April 30, 2004

The farmers and the shrike

In a strange land somewhere over the horizon, a small songbird, with the feeding habits of a raptor, was on the verge of extinction, with fewer than thirty nesting pairs remaining.

The government took it upon itself to declare its nesting and hunting areas "protected", and to limit development of those areas.

Unfortunately, as so often happens in so many places, people happened to own those pieces of undeveloped land. And, naturally, they expected that they had the right to do whatever they wished with their land (or, perhaps more accurately, that no one else had the right to tell them what to do with their land).

So, when they applied for licensing for this changed use of the land and for that, and the government denied them that licensing on the basis of a small bird, they were rather annoyed. "Are the needs of people to come second to the needs of a bird?" they asked.

But the government persisted: if the bird was to survive, the land needed to stay in its current state -- although we can allow you to keep cows if you want. That gets along with the bird.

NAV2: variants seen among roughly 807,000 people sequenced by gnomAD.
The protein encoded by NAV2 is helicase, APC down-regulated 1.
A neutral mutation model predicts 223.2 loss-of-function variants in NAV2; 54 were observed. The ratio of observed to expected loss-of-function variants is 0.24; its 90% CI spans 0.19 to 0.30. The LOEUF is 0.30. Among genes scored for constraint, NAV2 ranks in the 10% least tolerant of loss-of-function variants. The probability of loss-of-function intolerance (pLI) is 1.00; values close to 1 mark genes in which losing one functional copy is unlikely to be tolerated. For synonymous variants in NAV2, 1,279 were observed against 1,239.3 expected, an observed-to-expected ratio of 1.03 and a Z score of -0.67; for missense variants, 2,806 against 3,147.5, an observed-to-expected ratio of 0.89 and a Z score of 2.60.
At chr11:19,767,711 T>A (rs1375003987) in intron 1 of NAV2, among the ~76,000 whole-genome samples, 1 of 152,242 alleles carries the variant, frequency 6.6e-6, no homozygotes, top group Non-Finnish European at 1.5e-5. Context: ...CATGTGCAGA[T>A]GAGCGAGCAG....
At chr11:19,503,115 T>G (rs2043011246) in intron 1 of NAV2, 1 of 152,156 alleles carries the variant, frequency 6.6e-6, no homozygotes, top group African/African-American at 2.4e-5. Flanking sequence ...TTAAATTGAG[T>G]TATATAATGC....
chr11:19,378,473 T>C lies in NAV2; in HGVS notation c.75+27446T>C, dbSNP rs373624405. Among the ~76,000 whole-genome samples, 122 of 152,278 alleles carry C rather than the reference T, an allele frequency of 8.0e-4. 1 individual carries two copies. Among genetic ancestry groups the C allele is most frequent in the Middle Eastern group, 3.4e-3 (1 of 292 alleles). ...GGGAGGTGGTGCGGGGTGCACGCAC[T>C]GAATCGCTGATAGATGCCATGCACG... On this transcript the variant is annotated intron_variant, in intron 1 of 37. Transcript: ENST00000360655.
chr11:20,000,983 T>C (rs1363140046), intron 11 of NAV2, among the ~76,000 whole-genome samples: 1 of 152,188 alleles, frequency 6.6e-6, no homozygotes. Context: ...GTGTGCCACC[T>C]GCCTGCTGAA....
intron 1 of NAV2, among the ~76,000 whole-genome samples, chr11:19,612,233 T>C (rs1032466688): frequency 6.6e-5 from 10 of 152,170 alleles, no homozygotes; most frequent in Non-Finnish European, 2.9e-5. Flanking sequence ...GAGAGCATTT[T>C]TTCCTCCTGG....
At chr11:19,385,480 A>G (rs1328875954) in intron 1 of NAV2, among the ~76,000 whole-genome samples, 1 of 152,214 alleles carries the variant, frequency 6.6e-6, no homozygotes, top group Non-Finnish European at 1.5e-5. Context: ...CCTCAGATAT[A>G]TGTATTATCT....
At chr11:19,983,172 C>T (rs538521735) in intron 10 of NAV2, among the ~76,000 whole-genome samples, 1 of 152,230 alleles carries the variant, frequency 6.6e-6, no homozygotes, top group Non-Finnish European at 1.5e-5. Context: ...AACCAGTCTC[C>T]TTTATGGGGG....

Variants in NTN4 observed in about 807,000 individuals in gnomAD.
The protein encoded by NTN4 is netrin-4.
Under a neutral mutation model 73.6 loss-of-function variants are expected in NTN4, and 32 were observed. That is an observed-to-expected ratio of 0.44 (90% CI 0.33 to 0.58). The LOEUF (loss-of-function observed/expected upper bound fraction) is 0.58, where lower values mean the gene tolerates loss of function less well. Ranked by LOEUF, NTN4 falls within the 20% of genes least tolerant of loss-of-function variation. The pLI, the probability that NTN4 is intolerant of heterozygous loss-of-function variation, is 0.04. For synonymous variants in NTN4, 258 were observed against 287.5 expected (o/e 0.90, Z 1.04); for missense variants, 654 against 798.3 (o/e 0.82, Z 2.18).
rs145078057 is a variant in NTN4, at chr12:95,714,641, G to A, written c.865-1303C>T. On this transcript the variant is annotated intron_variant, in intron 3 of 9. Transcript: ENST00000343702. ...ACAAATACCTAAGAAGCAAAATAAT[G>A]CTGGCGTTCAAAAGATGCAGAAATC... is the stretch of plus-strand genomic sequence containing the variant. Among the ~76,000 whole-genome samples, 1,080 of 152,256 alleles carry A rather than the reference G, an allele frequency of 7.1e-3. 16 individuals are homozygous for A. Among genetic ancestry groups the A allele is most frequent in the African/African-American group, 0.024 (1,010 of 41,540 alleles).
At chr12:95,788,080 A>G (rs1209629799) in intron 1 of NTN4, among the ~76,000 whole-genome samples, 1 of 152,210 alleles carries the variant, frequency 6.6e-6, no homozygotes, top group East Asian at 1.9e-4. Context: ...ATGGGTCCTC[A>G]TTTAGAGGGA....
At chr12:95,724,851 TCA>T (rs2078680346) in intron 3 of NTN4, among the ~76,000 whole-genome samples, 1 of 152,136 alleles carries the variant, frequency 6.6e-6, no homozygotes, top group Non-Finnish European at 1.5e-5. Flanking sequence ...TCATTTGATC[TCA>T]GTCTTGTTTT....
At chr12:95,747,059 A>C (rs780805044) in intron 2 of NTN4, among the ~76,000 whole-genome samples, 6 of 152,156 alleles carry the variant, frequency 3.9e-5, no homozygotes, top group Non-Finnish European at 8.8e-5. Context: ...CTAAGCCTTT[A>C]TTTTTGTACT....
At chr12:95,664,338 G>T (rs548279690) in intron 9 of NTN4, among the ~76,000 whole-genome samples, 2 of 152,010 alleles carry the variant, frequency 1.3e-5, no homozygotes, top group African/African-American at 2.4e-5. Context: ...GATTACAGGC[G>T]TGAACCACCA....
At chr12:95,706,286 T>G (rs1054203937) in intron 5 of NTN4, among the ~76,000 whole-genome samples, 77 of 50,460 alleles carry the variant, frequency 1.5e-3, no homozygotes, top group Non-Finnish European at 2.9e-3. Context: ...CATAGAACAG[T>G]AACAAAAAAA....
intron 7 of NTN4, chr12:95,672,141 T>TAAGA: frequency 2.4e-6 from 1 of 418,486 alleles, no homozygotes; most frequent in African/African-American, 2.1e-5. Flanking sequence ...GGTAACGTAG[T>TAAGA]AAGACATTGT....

So the people went out en masse, and they hunted down every last one of the endangered birds and killed it and had it for supper. And, now that there was no more endangered bird, the licenses for changed use of the land went through without any problems.

Smile of the day:

An American general, notorious as a rabid proponent of the so-called "ecological warfare", was perorating about his military exploits before a group of attentive mates: "And once we were experimenting with a powerful vegetation killer in the Sahara ..."

"You mean the Sahara desert?" asked a curious listener. "But there is no vegetation there. It is a desert!"

"You see!" exclaimed the general proudly. "This is what happened after our tests!"

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